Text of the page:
Divorce is a messy, heart-wrenching, and overwhelming process to go through. In the midst of everything you're dealing with, it may be the most tempting time to avoid dealing with money. But it's also one of the most important times to approach your finances head-on. To make it less overwhelming, I've listed five important steps you can take to understand your current finances and manage your financial future.
- Get organized
Make copies of all of your financial statements. While your checking and savings accounts may be obvious, don’t forget to include retirement accounts like 401(k)s, pensions, and IRA's. Also get statements for insurance policies, tax returns, student loans, mortgage statements, and other miscellaneous financial documents. Consider using an accordion file to keep everything organized and easy to bring with you to appointments. Here is a list of documents to get you started.
- Figure out a basic budget
Think of your budget as a tool that helps you spend your money on what's important to you, so you can feel in control and hopefully make more progress toward your goals. Now is an important time to think about how much it takes to support your lifestyle each month, especially as you negotiate your settlement and/or plan how to use it. Look for an online budgeting tool that allows you to both set a budget and to categorize your transactions. This should allow you to see how your actual spending matches your planned spending. Here is a free cash flow worksheet to try, there are also lots of great budgeting programs online.
- Calculate your net worth
Your net worth is everything you own minus everything you owe. This is essential to understand, both to help ensure a fair settlement and to make informed decisions about your future. Start with a piece of paper, draw a line down the middle, and on the top of the left side write "Assets", or "Things I own". On the right write "Liabilities", or "Things I owe". Under assets, list everything you own; assets like your house, cars, bank accounts, investment accounts, cash value life insurance policies, and other personal property such as jewelry, art, and furniture. Under liabilities, list everything you owe. This includes your mortgage, car loans, student loans, credit cards, and any other lines of credit. Note the amount of each debt, where it's held, and the current interest rate.
- Get your credit report and know your score
You can get a free credit report from three different reporting agencies by clicking here. Your report includes all your debts (even ones you've paid off), current balances, payment history, and recent inquiries. Make sure the balances are correct, and that there are no loans you're unaware of. What you see in this report shapes your credit score.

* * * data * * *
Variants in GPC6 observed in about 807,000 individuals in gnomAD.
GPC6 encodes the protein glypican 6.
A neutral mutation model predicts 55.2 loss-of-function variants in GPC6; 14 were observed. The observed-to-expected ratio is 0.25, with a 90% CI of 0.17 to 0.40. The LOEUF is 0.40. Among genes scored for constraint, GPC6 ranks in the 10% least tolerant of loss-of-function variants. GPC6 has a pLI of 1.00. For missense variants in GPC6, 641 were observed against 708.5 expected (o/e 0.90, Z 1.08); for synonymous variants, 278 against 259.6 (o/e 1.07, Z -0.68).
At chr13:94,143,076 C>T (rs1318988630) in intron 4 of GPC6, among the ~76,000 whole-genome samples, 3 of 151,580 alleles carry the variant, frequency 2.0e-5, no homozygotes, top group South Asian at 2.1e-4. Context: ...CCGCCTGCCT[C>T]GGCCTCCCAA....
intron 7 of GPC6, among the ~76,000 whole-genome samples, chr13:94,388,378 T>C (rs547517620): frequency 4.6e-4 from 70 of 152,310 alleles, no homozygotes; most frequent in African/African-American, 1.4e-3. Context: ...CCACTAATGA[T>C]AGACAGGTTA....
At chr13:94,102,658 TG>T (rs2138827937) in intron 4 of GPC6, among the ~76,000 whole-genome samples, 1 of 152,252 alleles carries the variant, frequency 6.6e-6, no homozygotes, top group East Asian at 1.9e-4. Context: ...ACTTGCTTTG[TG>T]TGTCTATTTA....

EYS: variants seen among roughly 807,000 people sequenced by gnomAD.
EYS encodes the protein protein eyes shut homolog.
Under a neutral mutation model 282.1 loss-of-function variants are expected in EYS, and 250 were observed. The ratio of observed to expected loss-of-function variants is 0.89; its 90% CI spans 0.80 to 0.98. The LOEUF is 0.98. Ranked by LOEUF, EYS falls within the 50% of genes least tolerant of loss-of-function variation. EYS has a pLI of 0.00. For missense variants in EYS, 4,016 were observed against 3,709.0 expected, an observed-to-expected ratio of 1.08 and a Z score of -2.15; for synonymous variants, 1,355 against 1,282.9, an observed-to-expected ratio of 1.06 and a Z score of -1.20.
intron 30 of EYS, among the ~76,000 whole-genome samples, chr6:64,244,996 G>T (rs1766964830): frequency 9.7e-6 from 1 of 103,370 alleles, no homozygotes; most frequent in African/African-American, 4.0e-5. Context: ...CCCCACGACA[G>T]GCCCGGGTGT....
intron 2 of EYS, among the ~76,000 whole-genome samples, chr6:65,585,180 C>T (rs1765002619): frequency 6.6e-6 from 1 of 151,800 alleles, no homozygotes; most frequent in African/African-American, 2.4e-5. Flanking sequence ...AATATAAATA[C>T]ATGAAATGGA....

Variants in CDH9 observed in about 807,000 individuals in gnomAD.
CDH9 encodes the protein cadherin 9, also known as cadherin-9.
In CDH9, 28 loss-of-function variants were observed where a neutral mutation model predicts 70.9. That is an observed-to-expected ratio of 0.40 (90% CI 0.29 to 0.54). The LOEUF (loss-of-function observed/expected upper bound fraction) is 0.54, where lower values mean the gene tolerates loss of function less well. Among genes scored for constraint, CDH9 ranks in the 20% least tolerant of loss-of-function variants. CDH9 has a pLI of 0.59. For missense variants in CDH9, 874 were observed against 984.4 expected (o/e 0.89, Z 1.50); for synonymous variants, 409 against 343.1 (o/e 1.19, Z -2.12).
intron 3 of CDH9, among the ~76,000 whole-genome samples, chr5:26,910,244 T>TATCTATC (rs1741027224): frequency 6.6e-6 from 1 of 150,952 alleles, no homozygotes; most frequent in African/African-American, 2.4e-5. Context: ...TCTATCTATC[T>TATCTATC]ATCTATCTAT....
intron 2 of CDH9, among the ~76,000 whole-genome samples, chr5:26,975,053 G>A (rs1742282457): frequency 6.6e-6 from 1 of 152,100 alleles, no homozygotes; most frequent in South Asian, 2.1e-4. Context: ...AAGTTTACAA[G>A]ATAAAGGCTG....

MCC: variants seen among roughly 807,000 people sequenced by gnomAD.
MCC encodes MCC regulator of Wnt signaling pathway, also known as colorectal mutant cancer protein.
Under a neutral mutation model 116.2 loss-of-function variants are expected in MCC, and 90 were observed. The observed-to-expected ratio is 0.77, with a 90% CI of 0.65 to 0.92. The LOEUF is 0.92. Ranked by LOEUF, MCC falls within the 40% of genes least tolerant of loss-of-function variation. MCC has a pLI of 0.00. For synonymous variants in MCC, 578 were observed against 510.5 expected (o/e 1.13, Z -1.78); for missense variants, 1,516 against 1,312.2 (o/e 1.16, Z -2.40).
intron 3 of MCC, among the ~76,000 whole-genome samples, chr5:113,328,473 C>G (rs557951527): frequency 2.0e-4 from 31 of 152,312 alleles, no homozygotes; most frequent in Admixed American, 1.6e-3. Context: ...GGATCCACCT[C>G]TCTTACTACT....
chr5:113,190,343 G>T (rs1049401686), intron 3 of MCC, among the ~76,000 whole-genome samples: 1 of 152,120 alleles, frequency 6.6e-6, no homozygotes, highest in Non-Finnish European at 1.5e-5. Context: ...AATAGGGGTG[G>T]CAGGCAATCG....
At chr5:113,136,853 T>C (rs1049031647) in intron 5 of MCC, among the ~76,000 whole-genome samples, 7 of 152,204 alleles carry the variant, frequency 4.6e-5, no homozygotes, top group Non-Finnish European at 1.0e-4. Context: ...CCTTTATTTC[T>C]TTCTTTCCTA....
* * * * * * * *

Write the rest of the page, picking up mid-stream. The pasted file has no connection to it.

Also take the time to get a current credit score. Your score affects your ability to qualify for loans (such as a mortgage or auto loan) and your interest rates on future and some current loans and credit cards. It may also affect your ability to qualify as a tenant. If you have a low score, working on that ASAP could save you some stress and money as you move forward.
- Seek professional and legal advice
Legal and financial professionals can help you understand the possibilities and potential outcomes of the different options you're facing. Experienced professionals can go beyond the numbers and also help you clarify your personal goals and personal values. This could help you make decisions that benefit you in the long term.
Look for someone who is competent in their field, willing to take the time to explain things, and listens well. Make sure you feel comfortable with the person; it doesn't matter if they're good at what they do if you won't feel comfortable going through this intimate journey with them. Here are a few professionals you may find helpful during and after divorce:
- Divorce Attorney and/or Mediator can help you understand and complete the legal settlement, and custody arrangements if you have children. (If your partner is more financially savvy than you, or you don't expect them to "play nice" be VERY wary of working with a mediator only. You'll want someone representing YOU in the process.)
- QDRO Attorney may be needed if you need help splitting qualified retirement accounts
- Financial Advisor can help you create a budget, understand your retirement accounts, review your beneficiaries, and plan for your financial future.
- Insurance Agent can help you evaluate your new insurance needs including life, auto, homeowner/renters, umbrella, and health insurance.
- Estate Planning Attorney can help you create a will that reflects your new situation.
- Accountant can help you understand the tax ramifications of your settlement, and also with filing when it comes to tax season.
- Real Estate Agent and/or Mortgage Lender can help you understand your options if you have real estate you'll be splitting.
Have questions? I'd love to chat with you on the phone and provide a free, no obligation consult, so call or email me.